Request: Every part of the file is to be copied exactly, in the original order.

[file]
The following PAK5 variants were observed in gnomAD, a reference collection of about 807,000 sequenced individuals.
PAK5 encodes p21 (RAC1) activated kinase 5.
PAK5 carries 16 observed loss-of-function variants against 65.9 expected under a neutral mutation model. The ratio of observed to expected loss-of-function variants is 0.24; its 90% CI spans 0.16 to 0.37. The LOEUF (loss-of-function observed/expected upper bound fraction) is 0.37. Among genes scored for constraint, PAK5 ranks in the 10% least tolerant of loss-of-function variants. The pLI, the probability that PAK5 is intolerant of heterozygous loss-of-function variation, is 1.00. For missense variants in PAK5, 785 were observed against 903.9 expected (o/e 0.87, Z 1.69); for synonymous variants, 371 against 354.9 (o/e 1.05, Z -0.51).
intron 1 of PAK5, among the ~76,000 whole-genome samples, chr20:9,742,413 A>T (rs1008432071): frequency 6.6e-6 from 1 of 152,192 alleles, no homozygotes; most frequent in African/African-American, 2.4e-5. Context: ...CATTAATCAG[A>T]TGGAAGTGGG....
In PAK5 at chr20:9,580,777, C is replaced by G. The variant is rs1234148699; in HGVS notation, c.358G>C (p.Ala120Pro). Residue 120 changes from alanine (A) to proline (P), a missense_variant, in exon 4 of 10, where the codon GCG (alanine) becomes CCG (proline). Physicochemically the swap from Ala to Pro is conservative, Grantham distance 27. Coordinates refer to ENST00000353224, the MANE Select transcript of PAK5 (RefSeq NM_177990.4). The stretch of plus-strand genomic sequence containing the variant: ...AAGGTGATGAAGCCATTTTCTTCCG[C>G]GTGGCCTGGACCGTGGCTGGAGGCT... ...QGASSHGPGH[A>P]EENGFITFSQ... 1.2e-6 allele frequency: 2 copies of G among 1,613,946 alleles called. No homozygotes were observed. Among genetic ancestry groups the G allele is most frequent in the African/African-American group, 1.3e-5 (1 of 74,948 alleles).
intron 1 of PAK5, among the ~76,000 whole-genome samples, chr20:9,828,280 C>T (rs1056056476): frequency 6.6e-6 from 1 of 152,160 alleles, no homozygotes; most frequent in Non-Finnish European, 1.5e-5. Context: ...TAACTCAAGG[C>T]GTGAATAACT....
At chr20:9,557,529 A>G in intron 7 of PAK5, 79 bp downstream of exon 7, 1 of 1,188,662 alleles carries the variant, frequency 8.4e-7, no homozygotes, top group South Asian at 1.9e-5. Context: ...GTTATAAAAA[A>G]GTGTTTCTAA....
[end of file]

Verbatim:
The following PAK5 variants were observed in gnomAD, a reference collection of about 807,000 sequenced individuals.
PAK5 encodes p21 (RAC1) activated kinase 5.
PAK5 carries 16 observed loss-of-function variants against 65.9 expected under a neutral mutation model. The ratio of observed to expected loss-of-function variants is 0.24; its 90% CI spans 0.16 to 0.37. The LOEUF (loss-of-function observed/expected upper bound fraction) is 0.37. Among genes scored for constraint, PAK5 ranks in the 10% least tolerant of loss-of-function variants. The pLI, the probability that PAK5 is intolerant of heterozygous loss-of-function variation, is 1.00. For missense variants in PAK5, 785 were observed against 903.9 expected (o/e 0.87, Z 1.69); for synonymous variants, 371 against 354.9 (o/e 1.05, Z -0.51).
intron 1 of PAK5, among the ~76,000 whole-genome samples, chr20:9,742,413 A>T (rs1008432071): frequency 6.6e-6 from 1 of 152,192 alleles, no homozygotes; most frequent in African/African-American, 2.4e-5. Context: ...CATTAATCAG[A>T]TGGAAGTGGG....
In PAK5 at chr20:9,580,777, C is replaced by G. The variant is rs1234148699; in HGVS notation, c.358G>C (p.Ala120Pro). Residue 120 changes from alanine (A) to proline (P), a missense_variant, in exon 4 of 10, where the codon GCG (alanine) becomes CCG (proline). Physicochemically the swap from Ala to Pro is conservative, Grantham distance 27. Coordinates refer to ENST00000353224, the MANE Select transcript of PAK5 (RefSeq NM_177990.4). The stretch of plus-strand genomic sequence containing the variant: ...AAGGTGATGAAGCCATTTTCTTCCG[C>G]GTGGCCTGGACCGTGGCTGGAGGCT... ...QGASSHGPGH[A>P]EENGFITFSQ... 1.2e-6 allele frequency: 2 copies of G among 1,613,946 alleles called. No homozygotes were observed. Among genetic ancestry groups the G allele is most frequent in the African/African-American group, 1.3e-5 (1 of 74,948 alleles).
intron 1 of PAK5, among the ~76,000 whole-genome samples, chr20:9,828,280 C>T (rs1056056476): frequency 6.6e-6 from 1 of 152,160 alleles, no homozygotes; most frequent in Non-Finnish European, 1.5e-5. Context: ...TAACTCAAGG[C>T]GTGAATAACT....
At chr20:9,557,529 A>G in intron 7 of PAK5, 79 bp downstream of exon 7, 1 of 1,188,662 alleles carries the variant, frequency 8.4e-7, no homozygotes, top group South Asian at 1.9e-5. Context: ...GTTATAAAAA[A>G]GTGTTTCTAA....